It’s been some time since we last checked in with O Maidens in Your Savage Season. The show has had time to (mostly) conclude one of its primary plot points since then. Our lead couple are now officially dating, but with everything else going on in the series, that almost seems minor. The most recent episode stitches together all of the girls’ stories, even as they, in fact, drift farther apart. It’s not accidental, and at the risk of getting ahead of ourselves. It does seem entirely possible that this will be the sort of Okada story with a dramatic ending rather than a happy one.
Hongo has had possibly the strangest journey of any character in Maidens. Her relationship with the club advisor has walked a razor-thin line between being an interesting exploration of a teenager priming herself to make a huge mistake and being simply gross. It’s a plotline that finally (mostly) resolves itself here. The club advisor is fed up with her attempted seduction, and in the last episode, offered to simply take her to a love hotel. They do in fact go there here. It’s telling though that much of this part of the episode is framed less like anything steamy and more akin to a horror movie.
Before it gets there though is the first part of this segment. Hongo dreams up a fantasy about seducing him on their way there when they inevitably stop at a red light. The imagine spot is rendered with a literal red glow, and hilariously, it collapses before it can ever take shape. They don’t hit any red lights on their way to the hotel.
Hongo’s disillusionment continues for a few minutes here. It’s to the show’s endless credit that it can present this with some levity even as she’s marching to what seems like an inevitable mistake.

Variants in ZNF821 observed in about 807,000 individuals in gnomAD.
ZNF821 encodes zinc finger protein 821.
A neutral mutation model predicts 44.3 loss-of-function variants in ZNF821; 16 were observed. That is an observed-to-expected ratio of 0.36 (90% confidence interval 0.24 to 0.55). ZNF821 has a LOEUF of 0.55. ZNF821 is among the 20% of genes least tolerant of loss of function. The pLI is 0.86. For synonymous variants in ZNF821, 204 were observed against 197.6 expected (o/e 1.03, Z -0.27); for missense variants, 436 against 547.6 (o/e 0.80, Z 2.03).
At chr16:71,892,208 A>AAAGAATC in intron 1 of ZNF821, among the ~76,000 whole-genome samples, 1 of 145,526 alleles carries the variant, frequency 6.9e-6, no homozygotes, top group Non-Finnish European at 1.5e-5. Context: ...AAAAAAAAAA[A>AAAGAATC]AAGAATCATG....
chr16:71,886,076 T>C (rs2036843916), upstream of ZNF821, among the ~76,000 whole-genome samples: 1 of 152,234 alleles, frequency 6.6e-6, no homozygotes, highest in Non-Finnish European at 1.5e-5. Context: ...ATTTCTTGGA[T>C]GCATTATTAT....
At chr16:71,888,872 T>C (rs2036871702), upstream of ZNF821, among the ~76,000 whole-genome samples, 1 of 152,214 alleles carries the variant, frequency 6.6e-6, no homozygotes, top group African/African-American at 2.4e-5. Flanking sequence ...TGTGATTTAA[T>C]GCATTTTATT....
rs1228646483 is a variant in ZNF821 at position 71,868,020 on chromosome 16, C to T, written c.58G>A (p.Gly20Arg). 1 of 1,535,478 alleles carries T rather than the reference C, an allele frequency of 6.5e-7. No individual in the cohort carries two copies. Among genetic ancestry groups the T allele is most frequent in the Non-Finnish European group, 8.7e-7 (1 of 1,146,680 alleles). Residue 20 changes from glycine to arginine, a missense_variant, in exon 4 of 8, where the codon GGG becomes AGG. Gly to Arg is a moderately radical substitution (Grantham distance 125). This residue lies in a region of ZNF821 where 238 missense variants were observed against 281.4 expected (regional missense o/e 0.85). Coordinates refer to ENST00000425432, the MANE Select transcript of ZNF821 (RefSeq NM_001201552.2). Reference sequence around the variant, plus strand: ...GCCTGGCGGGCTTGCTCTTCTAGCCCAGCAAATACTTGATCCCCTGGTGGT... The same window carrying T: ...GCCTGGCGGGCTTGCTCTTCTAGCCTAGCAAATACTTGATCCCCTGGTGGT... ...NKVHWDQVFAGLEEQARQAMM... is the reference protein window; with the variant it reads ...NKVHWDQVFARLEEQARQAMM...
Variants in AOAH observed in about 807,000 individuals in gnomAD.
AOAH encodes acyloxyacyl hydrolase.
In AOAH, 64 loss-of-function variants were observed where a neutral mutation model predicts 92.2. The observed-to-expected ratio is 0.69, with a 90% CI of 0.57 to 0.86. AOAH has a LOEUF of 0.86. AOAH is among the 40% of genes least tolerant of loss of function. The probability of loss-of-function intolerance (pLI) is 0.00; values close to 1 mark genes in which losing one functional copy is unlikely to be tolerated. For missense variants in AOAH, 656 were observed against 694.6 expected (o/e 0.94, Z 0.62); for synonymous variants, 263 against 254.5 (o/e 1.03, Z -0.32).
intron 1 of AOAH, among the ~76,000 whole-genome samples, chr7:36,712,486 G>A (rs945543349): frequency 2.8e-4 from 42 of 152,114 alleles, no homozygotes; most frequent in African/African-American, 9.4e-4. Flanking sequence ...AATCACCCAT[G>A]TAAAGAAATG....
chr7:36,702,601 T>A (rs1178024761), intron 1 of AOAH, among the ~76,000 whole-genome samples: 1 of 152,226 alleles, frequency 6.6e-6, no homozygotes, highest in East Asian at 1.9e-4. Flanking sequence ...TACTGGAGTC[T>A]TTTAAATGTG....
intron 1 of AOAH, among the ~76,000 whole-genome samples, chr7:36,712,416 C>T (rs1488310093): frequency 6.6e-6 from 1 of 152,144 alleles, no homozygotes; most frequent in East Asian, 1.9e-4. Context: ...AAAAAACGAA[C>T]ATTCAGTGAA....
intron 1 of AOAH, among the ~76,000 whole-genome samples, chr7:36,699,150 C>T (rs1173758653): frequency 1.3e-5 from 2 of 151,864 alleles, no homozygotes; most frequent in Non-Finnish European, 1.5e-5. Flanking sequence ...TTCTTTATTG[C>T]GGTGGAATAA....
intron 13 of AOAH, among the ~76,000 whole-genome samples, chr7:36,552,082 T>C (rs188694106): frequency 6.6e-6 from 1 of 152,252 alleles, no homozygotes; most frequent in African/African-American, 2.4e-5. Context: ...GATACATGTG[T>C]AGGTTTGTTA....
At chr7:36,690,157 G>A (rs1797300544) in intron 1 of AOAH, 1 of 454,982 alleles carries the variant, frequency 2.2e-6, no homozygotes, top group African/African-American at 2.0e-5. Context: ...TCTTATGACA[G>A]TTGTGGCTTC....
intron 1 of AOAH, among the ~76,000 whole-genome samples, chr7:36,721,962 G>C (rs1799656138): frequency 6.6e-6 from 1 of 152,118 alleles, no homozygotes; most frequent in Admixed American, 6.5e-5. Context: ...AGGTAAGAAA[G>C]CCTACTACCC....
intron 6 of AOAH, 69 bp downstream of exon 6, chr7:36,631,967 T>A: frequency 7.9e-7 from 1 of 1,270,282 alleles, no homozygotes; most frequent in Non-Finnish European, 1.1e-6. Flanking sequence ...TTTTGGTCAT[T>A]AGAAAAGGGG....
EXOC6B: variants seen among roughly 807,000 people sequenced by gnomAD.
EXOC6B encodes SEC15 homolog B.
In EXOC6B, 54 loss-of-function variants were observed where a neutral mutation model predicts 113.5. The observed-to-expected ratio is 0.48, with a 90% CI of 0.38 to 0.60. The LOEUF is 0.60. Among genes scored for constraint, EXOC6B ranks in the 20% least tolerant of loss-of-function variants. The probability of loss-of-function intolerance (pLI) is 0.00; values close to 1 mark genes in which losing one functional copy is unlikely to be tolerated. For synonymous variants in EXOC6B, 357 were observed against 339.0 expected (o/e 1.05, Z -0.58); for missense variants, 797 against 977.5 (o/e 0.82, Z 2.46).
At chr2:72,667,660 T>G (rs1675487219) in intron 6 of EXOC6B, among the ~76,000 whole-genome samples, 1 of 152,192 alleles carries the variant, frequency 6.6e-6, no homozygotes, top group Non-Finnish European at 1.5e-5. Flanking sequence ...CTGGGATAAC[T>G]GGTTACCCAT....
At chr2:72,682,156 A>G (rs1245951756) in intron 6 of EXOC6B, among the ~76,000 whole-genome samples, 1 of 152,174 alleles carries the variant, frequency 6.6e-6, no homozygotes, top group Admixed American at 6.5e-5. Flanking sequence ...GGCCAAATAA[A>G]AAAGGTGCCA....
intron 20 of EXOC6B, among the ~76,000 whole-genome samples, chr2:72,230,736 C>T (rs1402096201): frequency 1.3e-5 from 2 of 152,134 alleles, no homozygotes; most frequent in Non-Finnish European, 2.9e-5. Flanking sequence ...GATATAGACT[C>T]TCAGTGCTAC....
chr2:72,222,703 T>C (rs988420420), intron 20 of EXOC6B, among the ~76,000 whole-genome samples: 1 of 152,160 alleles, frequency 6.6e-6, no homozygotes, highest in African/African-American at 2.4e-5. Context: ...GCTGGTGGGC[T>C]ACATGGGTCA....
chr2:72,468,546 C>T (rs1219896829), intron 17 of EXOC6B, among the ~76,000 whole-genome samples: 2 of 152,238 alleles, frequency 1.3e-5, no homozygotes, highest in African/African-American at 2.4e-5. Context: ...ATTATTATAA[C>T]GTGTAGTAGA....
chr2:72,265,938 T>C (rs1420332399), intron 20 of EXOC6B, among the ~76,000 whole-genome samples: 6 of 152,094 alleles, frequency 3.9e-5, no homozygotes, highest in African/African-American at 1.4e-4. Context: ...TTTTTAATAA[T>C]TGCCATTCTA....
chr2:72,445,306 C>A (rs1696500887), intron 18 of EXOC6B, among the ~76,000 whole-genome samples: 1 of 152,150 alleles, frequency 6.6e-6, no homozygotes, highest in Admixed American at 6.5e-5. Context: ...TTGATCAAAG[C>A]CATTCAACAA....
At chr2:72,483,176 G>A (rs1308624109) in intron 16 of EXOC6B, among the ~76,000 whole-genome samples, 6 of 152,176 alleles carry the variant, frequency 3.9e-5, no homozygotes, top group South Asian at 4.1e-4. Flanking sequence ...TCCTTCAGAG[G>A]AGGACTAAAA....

Peeled Paint & Pain
The scene set in the hotel itself proves to be a different story. It’s here where the horror framing kicks in for a while. Hongo can’t help but notice all the tiny imperfections in the hotel room. There’s a strange thrift store painting, the floor tiles are coming up, the paint on the wall is peeling, and the room itself is uncomfortably tiny. Maidens does a great job of making the idea of losing your innocence in a cheap love hotel seem positively revolting. You can practically hear “Third Rate Romance” pumping off somewhere in the distance.
This entire experience is, for Hongo, offputting, borderline horrifying. You can feel your skin crawl along with hers as she ducks into the neighboring bathroom. She claims she needs to take a bath, but what she actually does is desperately push thoughts of cleanliness out of her mind while frantically Googling “techniques”. It’s a little bit funny, a little bit depressing, and 100% in her character.
We do finally though get some internal insight into the club advisor, the man she’s hopelessly crushing on. The guy’s plot seems to be that by going along with her shenanigans as long as possible, he can wound her pride, and thus get her to stop.
This is another iteration of what’s become a commjon theme in Maidens. Men thinking they understand women better than the women themselves do. It should be no surprise then that Hongo here actually manages to get the drop on him. Near-literally, in fact. She basically pounces on him as he’s reclining on the hotel room’s stuffy couch, thinking Hongo is taking a bath in the neighboring bathroom.
She only stops at almost the literal last possible second. She notices that he’s not aroused, and breaks down crying, screaming about how she feels ugly. The two–almost impossibly–reconcile, and he acts like an adult for the first time since he was introduced. It is the kind of moment that will prompt a sigh of relief from many viewers, a serious mistake averted at the last moment.
The same cannot be said for other characters in this episode.
Niina, by now, is probably the closest thing Maidens has to an “antagonist”. This is in many ways her own, explicit, in-universe doing. Several episodes ago, Niina and Kazusa both confessed to Izumi. In an ordinary romance anime this would set them up as explicit rivals. We’d be expected to root for one over the other, and it would all be very cut and dry. Maidens, of course, doesn’t work that way.
Niina is convinced by her “friend” the Director to “be interesting”. In her own interpretation, this seems to entail trying to steal Izumi from Kazusa. She invites him on another train ride, and while they’re in the crowded rail, tells him that someone is groping her. This turns out to be a lie, and part of a plot to seduce him. He ends up rebuking her efforts, but not without Niina spitefully pointing out that he was obviously aroused.